such popular women’s titles as The
Delineator, Vogue, Pictorial Review, Ladies
Home Journal, etc. (Farrell-Beck p25).
More magazines were being produced
and sold due, in
part, to the
increase in mail
service, but also
because of a
smart
innovation that
made magazines
more affordable:
Paid advertising
(right). Women
all over the
country could
now mail order Maiden Form ad from 1927. [18]
sewing patterns
or actual garments from magazines as well
as from the ubiquitous mail-order catalogs,
like Montgomery Ward, Sears, Roebuck and
Company, and B. Altman & Company.
Employment also changed the way
women dressed. During and after World War
I, many women were employed in physical
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labor jobs, such as manufacturing and
farming. Indeed, the rate of employment for
women over the age of 10 increased from
14.69% in 1880 to 18.1% in 1910. It
decreased in 1920 to 16.5% relative to other
years, but in absolute numbers it increased
due to the post-war population increase.
Whereas women in 1890 were
employed in physical
jobs, domestic and
personal service,
manufacturing and
mechanical jobs, by 1920
women had moved to the
office and the department
store. They held jobs
meeting the public and
were required to look
well-groomed. (FarrellBeck p27)
With the increase in
women working outside
the home and decrease in
learning to sew, the
Woman’s Institute for
Domestic Arts & Sciences
and other dressmaking
schools, took advantage of Smart Welly Sisters
outfit, 1928. [12]
this by creating a
correspondence course for sewing with
accompanying fashion magazines from
which students could order sewing patterns
and materials.
Their Inspiration (published 19171929) and Fashion Service magazines
(published 1920-1932) had a rolling
August 2010
business in providing both their own sewing
patterns as well as those from top-rated
sewing pattern companies. If she didn’t have
the money to buy ready-made bras, the
fashions of the 1920's made it easy for a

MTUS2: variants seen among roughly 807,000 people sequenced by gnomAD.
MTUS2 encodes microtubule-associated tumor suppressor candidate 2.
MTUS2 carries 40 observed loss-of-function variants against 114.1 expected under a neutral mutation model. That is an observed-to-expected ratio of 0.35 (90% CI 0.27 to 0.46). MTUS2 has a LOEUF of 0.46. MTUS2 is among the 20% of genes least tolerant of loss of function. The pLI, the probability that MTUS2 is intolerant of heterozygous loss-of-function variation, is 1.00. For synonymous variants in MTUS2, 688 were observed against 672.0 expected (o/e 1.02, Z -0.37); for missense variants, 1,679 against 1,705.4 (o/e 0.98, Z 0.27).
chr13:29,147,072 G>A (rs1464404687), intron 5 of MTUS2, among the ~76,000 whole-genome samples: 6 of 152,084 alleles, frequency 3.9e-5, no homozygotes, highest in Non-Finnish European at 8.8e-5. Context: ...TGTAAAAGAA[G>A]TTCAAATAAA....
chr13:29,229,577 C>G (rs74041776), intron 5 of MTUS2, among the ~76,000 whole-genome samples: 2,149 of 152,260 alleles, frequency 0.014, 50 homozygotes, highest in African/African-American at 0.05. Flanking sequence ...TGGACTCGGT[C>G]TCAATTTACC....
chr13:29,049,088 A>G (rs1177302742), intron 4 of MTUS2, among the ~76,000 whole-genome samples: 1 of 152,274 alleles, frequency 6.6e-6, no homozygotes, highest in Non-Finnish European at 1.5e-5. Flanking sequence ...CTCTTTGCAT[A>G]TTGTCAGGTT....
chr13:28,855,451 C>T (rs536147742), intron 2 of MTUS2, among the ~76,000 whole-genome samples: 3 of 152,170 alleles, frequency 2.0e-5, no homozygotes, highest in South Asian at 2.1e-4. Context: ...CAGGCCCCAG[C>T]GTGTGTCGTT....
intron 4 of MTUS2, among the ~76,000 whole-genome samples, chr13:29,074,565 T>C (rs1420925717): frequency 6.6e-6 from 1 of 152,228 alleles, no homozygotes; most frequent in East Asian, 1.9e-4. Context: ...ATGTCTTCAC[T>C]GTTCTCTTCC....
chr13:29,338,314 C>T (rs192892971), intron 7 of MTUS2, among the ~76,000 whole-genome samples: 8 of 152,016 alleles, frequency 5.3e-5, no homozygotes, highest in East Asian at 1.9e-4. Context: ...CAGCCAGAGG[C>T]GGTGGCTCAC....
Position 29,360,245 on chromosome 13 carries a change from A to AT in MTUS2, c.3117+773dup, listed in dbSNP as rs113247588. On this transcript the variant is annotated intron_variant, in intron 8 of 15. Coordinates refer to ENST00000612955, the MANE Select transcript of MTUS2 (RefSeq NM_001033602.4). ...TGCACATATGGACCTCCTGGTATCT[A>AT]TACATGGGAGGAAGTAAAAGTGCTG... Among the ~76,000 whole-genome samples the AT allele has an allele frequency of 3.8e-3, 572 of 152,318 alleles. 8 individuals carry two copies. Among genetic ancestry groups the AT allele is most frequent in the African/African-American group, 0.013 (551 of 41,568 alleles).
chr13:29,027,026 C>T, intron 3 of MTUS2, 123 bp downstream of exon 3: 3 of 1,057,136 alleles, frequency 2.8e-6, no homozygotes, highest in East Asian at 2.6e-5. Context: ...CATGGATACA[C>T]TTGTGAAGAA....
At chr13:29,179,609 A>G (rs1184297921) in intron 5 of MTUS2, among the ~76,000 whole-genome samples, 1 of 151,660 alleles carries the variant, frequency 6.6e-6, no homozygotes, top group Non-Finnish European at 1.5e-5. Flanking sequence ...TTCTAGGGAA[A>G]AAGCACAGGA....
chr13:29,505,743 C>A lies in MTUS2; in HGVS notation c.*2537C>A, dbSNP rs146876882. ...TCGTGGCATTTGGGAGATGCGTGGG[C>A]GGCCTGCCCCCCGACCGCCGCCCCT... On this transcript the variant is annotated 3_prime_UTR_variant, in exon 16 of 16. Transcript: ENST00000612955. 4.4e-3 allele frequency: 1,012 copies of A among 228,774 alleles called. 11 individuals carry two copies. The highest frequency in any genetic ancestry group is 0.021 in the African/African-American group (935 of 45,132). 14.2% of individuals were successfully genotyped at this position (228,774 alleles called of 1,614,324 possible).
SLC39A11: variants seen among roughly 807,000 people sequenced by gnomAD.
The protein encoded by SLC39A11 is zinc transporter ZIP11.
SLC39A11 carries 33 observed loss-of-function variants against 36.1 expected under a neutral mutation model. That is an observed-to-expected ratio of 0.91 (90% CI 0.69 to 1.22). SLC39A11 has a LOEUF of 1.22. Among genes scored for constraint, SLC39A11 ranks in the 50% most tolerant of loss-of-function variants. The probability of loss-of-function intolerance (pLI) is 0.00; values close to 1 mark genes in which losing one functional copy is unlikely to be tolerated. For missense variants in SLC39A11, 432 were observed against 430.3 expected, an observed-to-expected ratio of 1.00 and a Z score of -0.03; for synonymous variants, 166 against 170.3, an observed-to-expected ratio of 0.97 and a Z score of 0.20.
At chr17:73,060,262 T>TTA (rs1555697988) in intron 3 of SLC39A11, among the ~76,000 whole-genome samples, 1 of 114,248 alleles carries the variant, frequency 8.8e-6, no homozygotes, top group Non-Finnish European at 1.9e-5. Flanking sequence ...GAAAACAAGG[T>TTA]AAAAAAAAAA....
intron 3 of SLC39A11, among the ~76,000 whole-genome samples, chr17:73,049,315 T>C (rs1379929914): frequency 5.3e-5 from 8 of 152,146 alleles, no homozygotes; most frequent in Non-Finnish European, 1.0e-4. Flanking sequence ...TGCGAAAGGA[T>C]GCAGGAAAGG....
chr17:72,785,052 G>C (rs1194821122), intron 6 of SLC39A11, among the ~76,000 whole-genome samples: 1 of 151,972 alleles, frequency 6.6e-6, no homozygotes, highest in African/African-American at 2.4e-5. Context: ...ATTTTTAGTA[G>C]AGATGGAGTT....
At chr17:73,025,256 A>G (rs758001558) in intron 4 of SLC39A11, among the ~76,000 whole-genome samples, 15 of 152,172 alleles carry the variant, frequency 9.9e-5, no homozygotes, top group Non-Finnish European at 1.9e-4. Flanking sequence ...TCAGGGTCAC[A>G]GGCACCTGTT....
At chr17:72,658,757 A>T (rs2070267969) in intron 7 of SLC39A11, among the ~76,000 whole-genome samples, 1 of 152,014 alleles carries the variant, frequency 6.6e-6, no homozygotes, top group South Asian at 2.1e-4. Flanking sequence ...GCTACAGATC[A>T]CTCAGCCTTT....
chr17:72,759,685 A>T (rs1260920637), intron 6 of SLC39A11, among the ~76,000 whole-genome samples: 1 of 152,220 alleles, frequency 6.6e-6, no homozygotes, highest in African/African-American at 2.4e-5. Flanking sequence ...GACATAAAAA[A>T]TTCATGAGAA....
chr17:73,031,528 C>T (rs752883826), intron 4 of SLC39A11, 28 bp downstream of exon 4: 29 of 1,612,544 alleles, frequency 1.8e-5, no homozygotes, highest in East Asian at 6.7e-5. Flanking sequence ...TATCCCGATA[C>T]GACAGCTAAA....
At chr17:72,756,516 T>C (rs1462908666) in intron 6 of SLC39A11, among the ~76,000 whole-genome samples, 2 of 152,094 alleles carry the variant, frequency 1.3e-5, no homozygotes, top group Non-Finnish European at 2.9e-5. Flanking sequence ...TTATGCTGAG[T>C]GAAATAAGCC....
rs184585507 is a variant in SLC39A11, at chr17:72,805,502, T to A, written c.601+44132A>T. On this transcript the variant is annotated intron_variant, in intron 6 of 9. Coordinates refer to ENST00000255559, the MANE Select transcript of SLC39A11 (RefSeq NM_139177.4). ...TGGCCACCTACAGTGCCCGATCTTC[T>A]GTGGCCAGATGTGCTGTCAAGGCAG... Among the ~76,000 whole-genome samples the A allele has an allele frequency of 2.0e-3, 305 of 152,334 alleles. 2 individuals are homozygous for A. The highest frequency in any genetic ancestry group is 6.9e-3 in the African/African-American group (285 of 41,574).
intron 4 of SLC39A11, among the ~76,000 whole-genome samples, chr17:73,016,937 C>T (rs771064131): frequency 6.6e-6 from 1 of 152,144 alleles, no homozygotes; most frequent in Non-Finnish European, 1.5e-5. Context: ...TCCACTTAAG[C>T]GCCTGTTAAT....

woman to make her own.
Not only was access to fashionable
clothing easier by mail, retailers were
expanding and becoming more conveniently
located. The first shopping center opened in
Illinois in 1916, the second in Kansas City
in 1922. Main stores in these shopping
centers opened up satellite stores in outlying
areas to reach a greater portion of the
population (Farrell-Beck p53). The
automobile industry was booming with 7.5
million cars and trucks in the US in 1920, in
California that meant 6 people for every car
on the road, which meant that women could
more easily travel to those stores.
The cost of the bra was also attractive.
Mail order was the cheapest option, and you
could procure a bra for well under a dollar.
The winter 1925 Pictorial Review Fashion
Book advertised sewing patterns for bras for
$.25 and a bra and bloomers set for $.35 (the
magazine itself cost $.35). The price of a
ready-made mail order bandeau or corselet
style bra from the Sears, Roebuck Catalog
for $.29 to $.60!! In the shops you’d pay
several dollars, especially if the garment was
semi-custom fit (i.e. pre-made, then fit and
altered to your figure). Compare in-store
prices to the bulky corsets sold in the Sears
Catalog for $1.29 to $3.69. A young lady
just starting off at an office job could afford
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a bra or two which she would also launder